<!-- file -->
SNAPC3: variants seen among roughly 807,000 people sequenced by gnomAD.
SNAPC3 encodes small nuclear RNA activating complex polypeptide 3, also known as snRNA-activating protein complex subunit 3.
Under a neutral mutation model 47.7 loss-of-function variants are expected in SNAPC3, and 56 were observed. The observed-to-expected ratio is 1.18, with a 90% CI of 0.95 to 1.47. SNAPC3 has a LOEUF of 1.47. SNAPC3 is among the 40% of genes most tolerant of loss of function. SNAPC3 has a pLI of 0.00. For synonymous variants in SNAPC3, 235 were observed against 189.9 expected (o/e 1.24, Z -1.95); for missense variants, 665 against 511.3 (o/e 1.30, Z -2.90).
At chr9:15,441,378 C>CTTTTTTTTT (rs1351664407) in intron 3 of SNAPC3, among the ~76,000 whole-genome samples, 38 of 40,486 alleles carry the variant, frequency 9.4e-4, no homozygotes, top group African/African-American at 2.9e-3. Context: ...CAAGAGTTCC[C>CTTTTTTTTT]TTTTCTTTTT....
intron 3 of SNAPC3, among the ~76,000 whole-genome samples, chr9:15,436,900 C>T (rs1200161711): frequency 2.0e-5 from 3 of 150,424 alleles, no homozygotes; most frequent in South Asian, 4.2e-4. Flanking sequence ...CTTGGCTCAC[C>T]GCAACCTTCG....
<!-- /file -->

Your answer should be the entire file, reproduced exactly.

SNAPC3: variants seen among roughly 807,000 people sequenced by gnomAD.
SNAPC3 encodes small nuclear RNA activating complex polypeptide 3, also known as snRNA-activating protein complex subunit 3.
Under a neutral mutation model 47.7 loss-of-function variants are expected in SNAPC3, and 56 were observed. The observed-to-expected ratio is 1.18, with a 90% CI of 0.95 to 1.47. SNAPC3 has a LOEUF of 1.47. SNAPC3 is among the 40% of genes most tolerant of loss of function. SNAPC3 has a pLI of 0.00. For synonymous variants in SNAPC3, 235 were observed against 189.9 expected (o/e 1.24, Z -1.95); for missense variants, 665 against 511.3 (o/e 1.30, Z -2.90).
At chr9:15,441,378 C>CTTTTTTTTT (rs1351664407) in intron 3 of SNAPC3, among the ~76,000 whole-genome samples, 38 of 40,486 alleles carry the variant, frequency 9.4e-4, no homozygotes, top group African/African-American at 2.9e-3. Context: ...CAAGAGTTCC[C>CTTTTTTTTT]TTTTCTTTTT....
intron 3 of SNAPC3, among the ~76,000 whole-genome samples, chr9:15,436,900 C>T (rs1200161711): frequency 2.0e-5 from 3 of 150,424 alleles, no homozygotes; most frequent in South Asian, 4.2e-4. Flanking sequence ...CTTGGCTCAC[C>T]GCAACCTTCG....